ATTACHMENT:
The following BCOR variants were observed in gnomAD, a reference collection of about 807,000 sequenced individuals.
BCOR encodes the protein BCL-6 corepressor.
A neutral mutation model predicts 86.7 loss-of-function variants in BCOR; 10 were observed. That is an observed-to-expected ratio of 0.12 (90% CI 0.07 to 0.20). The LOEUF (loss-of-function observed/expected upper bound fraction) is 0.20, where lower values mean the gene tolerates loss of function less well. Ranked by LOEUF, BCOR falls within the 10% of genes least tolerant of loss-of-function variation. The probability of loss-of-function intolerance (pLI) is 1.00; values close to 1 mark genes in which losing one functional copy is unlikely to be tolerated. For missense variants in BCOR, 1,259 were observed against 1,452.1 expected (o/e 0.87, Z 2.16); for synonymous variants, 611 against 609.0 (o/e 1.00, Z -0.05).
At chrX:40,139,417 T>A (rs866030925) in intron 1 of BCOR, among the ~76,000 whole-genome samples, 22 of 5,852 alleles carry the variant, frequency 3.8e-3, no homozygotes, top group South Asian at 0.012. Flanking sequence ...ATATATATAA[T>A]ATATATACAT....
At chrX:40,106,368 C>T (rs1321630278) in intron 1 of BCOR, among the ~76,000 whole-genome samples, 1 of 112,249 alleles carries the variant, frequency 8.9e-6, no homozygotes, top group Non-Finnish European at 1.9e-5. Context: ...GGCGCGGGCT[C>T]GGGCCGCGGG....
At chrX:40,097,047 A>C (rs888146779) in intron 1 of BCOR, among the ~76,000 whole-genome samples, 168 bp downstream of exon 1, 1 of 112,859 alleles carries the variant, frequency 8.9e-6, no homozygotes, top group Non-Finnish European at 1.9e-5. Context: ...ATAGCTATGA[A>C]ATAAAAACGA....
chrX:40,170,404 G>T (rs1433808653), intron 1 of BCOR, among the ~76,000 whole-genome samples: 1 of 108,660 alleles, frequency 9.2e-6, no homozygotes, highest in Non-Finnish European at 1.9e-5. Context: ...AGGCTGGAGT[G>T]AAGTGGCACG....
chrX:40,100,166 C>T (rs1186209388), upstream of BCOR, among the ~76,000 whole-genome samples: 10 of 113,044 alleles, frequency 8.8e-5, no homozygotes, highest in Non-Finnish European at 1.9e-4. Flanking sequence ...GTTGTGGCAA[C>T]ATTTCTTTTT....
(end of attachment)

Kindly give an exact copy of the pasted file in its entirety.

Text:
The following BCOR variants were observed in gnomAD, a reference collection of about 807,000 sequenced individuals.
BCOR encodes the protein BCL-6 corepressor.
A neutral mutation model predicts 86.7 loss-of-function variants in BCOR; 10 were observed. That is an observed-to-expected ratio of 0.12 (90% CI 0.07 to 0.20). The LOEUF (loss-of-function observed/expected upper bound fraction) is 0.20, where lower values mean the gene tolerates loss of function less well. Ranked by LOEUF, BCOR falls within the 10% of genes least tolerant of loss-of-function variation. The probability of loss-of-function intolerance (pLI) is 1.00; values close to 1 mark genes in which losing one functional copy is unlikely to be tolerated. For missense variants in BCOR, 1,259 were observed against 1,452.1 expected (o/e 0.87, Z 2.16); for synonymous variants, 611 against 609.0 (o/e 1.00, Z -0.05).
At chrX:40,139,417 T>A (rs866030925) in intron 1 of BCOR, among the ~76,000 whole-genome samples, 22 of 5,852 alleles carry the variant, frequency 3.8e-3, no homozygotes, top group South Asian at 0.012. Flanking sequence ...ATATATATAA[T>A]ATATATACAT....
At chrX:40,106,368 C>T (rs1321630278) in intron 1 of BCOR, among the ~76,000 whole-genome samples, 1 of 112,249 alleles carries the variant, frequency 8.9e-6, no homozygotes, top group Non-Finnish European at 1.9e-5. Context: ...GGCGCGGGCT[C>T]GGGCCGCGGG....
At chrX:40,097,047 A>C (rs888146779) in intron 1 of BCOR, among the ~76,000 whole-genome samples, 168 bp downstream of exon 1, 1 of 112,859 alleles carries the variant, frequency 8.9e-6, no homozygotes, top group Non-Finnish European at 1.9e-5. Context: ...ATAGCTATGA[A>C]ATAAAAACGA....
chrX:40,170,404 G>T (rs1433808653), intron 1 of BCOR, among the ~76,000 whole-genome samples: 1 of 108,660 alleles, frequency 9.2e-6, no homozygotes, highest in Non-Finnish European at 1.9e-5. Context: ...AGGCTGGAGT[G>T]AAGTGGCACG....
chrX:40,100,166 C>T (rs1186209388), upstream of BCOR, among the ~76,000 whole-genome samples: 10 of 113,044 alleles, frequency 8.8e-5, no homozygotes, highest in Non-Finnish European at 1.9e-4. Flanking sequence ...GTTGTGGCAA[C>T]ATTTCTTTTT....